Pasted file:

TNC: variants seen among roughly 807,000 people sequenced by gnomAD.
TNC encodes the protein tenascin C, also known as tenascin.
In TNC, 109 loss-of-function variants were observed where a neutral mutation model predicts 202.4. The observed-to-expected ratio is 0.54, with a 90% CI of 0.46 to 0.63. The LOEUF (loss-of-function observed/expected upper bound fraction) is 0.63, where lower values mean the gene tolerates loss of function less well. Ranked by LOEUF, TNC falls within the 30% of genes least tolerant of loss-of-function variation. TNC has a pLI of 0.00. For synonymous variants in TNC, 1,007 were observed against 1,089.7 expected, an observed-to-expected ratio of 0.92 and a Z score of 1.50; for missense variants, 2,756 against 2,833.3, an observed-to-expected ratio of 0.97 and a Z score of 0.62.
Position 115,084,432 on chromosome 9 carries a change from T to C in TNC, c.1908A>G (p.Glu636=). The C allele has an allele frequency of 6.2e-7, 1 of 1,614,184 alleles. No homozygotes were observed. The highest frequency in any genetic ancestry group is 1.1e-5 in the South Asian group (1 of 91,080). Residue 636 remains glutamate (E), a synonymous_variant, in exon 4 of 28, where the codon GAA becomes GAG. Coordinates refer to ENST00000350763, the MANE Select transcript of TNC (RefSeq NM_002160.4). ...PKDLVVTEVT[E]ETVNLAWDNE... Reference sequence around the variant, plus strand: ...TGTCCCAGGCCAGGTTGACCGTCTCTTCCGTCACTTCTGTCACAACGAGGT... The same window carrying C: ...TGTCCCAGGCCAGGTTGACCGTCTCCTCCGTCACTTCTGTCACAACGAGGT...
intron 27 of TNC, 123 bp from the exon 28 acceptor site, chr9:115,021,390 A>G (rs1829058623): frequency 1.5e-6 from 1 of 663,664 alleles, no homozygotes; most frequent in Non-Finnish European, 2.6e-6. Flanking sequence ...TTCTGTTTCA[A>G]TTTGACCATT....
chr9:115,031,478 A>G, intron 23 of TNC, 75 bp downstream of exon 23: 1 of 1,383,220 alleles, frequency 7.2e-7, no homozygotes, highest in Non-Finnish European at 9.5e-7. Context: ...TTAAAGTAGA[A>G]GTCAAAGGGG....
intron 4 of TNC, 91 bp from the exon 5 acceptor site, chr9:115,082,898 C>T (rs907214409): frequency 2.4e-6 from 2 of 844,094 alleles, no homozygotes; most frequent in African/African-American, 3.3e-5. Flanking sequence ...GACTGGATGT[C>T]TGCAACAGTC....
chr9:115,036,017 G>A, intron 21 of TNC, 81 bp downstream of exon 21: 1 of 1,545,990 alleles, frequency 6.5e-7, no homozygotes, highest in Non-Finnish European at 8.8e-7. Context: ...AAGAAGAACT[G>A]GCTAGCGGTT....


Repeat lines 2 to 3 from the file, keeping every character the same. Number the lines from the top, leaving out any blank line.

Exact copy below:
TNC encodes the protein tenascin C, also known as tenascin.
In TNC, 109 loss-of-function variants were observed where a neutral mutation model predicts 202.4. The observed-to-expected ratio is 0.54, with a 90% CI of 0.46 to 0.63. The LOEUF (loss-of-function observed/expected upper bound fraction) is 0.63, where lower values mean the gene tolerates loss of function less well. Ranked by LOEUF, TNC falls within the 30% of genes least tolerant of loss-of-function variation. TNC has a pLI of 0.00. For synonymous variants in TNC, 1,007 were observed against 1,089.7 expected, an observed-to-expected ratio of 0.92 and a Z score of 1.50; for missense variants, 2,756 against 2,833.3, an observed-to-expected ratio of 0.97 and a Z score of 0.62.